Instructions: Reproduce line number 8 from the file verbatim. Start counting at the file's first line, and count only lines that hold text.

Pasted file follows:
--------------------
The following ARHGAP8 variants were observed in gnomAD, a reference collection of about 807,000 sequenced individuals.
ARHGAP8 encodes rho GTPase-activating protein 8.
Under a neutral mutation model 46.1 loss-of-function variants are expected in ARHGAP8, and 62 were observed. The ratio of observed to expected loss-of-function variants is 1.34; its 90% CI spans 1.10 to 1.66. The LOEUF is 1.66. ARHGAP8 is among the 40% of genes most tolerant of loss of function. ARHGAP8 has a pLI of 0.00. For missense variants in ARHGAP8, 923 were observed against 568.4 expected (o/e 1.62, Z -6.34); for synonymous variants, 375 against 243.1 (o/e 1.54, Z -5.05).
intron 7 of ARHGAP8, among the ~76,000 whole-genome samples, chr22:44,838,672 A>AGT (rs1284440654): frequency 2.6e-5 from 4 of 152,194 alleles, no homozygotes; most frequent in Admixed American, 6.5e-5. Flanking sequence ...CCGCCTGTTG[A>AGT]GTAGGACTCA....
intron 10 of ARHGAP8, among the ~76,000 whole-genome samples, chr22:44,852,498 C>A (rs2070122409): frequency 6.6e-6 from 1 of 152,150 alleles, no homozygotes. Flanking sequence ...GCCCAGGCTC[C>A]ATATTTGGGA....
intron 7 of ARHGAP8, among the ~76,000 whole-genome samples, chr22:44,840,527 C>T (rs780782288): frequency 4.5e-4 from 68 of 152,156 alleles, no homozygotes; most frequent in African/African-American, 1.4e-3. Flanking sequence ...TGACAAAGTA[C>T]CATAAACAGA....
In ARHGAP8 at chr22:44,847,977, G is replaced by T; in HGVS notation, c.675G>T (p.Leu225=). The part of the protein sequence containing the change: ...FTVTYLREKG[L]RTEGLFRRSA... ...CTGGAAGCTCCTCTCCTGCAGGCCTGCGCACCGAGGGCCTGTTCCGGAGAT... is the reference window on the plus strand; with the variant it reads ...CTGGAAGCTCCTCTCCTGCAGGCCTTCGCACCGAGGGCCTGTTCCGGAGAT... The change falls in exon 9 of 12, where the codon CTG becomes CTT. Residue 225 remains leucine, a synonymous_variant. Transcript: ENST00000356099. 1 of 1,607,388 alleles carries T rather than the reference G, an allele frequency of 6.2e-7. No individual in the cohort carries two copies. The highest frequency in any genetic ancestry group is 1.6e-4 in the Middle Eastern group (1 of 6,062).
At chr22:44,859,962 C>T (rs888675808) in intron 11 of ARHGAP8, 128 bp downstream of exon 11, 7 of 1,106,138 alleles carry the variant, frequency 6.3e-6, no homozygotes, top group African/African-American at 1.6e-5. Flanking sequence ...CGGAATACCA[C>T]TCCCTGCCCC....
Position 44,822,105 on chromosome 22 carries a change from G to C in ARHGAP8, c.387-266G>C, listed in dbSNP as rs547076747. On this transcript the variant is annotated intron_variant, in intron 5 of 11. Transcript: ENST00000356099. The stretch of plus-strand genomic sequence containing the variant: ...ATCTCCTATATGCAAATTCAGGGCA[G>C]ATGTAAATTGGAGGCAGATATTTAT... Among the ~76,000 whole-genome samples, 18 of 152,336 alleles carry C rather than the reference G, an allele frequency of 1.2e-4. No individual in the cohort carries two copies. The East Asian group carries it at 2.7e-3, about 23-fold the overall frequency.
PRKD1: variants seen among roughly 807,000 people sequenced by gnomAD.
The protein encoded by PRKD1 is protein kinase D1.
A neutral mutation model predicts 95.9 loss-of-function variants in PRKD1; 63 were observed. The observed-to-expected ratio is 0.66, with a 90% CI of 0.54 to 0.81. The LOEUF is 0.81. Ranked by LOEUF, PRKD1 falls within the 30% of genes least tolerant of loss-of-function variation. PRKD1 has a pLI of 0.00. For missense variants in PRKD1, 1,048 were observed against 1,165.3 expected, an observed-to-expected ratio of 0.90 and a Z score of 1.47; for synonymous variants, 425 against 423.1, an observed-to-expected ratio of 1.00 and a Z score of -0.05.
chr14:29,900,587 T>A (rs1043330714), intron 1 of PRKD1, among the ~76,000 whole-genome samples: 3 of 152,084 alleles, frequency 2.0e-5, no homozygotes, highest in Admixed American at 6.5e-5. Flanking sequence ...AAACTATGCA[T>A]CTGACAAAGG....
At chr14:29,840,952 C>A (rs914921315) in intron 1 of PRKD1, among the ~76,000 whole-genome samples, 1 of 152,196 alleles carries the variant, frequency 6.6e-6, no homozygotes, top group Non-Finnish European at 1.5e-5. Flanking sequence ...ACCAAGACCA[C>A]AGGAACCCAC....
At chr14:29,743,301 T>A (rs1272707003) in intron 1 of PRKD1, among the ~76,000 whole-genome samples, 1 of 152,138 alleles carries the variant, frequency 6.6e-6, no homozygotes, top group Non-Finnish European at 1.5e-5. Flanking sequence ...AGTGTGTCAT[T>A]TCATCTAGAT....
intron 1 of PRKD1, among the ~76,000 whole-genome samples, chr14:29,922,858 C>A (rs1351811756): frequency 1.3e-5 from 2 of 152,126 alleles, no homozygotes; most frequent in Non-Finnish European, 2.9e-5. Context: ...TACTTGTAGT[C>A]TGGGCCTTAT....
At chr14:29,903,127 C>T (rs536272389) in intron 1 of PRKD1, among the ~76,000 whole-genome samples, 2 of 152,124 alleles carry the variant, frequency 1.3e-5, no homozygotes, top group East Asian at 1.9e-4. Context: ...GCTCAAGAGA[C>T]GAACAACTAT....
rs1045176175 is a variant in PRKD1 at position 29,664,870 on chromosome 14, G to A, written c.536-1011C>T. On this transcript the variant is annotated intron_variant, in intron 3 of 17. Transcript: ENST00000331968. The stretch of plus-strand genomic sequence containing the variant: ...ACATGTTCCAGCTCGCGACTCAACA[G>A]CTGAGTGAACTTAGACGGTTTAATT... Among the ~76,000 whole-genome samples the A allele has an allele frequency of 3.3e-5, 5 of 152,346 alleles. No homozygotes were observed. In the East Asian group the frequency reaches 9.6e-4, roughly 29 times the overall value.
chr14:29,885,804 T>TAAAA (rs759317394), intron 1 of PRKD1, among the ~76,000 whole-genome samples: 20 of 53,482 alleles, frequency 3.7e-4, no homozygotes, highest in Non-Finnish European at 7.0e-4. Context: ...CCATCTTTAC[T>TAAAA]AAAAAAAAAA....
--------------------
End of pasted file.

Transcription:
At chr22:44,859,962 C>T (rs888675808) in intron 11 of ARHGAP8, 128 bp downstream of exon 11, 7 of 1,106,138 alleles carry the variant, frequency 6.3e-6, no homozygotes, top group African/African-American at 1.6e-5. Flanking sequence ...CGGAATACCA[C>T]TCCCTGCCCC....